Sep 26, 2005
On Labor Day weekend, on the Southwest side of Chicago, there was a block party, which is quite common in the city. It's a chance for people to socialize, for neighbors to get to know each other better and they often discuss the problems they face every day. The main problem in this neighborhood is gang activity.
The party went on, and about 11:30 p.m. a car sped into the street which was still full of people, including children. This car almost hit a kid. Since the street was still closed at the other end, the driver decided to go onto the sidewalk. One of the people at the party threw something at the car. He, like all of us, was very upset at what we were witnessing.
Three gang bangers came into the block to support the driver. We started to tell them that they shouldn't drive like that with so many people in the street. Then one of the gang bangers said, "So what if we do? Do you have a problem?" Then about 20 friends visiting one person surrounded the gang bangers and confronted them. The gang bangers waved over other of their gang friends from the end of the street to get help. Because we were so many, only a few teenagers came to help them. They were defiant and threatening people, but our large group escorted them down to the end of the street. They got into their cars and sped away.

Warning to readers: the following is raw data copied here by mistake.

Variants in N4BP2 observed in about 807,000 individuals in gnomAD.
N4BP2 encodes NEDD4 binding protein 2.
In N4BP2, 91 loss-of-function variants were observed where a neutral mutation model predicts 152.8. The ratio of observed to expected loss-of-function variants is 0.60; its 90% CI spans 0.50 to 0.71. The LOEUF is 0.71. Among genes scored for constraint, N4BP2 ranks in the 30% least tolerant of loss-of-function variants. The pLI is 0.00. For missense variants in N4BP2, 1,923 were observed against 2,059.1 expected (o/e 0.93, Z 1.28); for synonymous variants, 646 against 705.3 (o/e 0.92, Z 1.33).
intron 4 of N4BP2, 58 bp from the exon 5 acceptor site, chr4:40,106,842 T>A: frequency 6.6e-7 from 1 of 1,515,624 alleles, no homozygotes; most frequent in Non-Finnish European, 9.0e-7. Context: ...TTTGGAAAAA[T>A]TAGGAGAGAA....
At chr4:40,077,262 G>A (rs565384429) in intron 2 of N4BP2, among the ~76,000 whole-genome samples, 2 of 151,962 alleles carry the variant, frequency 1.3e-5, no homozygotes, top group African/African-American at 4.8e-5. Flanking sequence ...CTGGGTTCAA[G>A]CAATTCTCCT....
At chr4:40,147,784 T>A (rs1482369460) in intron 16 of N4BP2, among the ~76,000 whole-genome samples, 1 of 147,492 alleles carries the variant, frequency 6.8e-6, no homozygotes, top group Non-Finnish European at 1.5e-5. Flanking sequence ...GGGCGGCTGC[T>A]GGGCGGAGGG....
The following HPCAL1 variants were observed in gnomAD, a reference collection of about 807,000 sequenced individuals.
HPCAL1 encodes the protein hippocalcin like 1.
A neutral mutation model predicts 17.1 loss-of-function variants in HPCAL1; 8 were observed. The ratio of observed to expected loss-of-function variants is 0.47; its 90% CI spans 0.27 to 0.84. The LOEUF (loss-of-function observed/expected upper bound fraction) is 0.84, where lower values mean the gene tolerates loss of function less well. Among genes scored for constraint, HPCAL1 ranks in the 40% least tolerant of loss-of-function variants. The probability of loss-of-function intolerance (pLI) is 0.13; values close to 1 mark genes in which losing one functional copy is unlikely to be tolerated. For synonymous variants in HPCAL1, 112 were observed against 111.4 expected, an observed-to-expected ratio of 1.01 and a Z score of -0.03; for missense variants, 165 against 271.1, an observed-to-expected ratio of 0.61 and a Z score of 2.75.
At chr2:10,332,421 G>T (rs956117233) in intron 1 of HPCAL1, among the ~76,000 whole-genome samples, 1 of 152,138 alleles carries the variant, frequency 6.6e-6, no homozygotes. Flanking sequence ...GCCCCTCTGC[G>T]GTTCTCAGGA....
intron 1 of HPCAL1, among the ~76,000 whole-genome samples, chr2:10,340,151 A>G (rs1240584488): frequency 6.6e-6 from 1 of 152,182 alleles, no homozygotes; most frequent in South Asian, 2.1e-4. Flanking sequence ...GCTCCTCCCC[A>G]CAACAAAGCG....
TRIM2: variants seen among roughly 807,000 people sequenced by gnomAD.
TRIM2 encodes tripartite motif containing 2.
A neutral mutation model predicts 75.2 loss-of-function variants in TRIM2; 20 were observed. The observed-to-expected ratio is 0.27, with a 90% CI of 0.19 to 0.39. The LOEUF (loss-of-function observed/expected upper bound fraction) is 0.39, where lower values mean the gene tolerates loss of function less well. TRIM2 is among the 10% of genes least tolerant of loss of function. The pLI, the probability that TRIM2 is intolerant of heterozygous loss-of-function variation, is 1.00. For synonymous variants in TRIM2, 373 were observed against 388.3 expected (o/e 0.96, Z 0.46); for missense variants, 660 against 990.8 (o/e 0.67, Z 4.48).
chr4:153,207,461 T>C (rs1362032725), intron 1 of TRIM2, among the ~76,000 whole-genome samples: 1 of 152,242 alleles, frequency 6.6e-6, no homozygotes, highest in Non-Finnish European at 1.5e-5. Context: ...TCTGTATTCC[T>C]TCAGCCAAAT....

Once they left, a big debate began in the street whether we were right to confront them. Some people, including some of those who had surrounded the gang bangers, said it was a mistake, we couldn't win, we were acting stupid, we had kids and were endangering them. Others defended what we did, saying we were right to stand up for ourselves. If we didn't confront the problem, we'd live for the rest of our lives with it.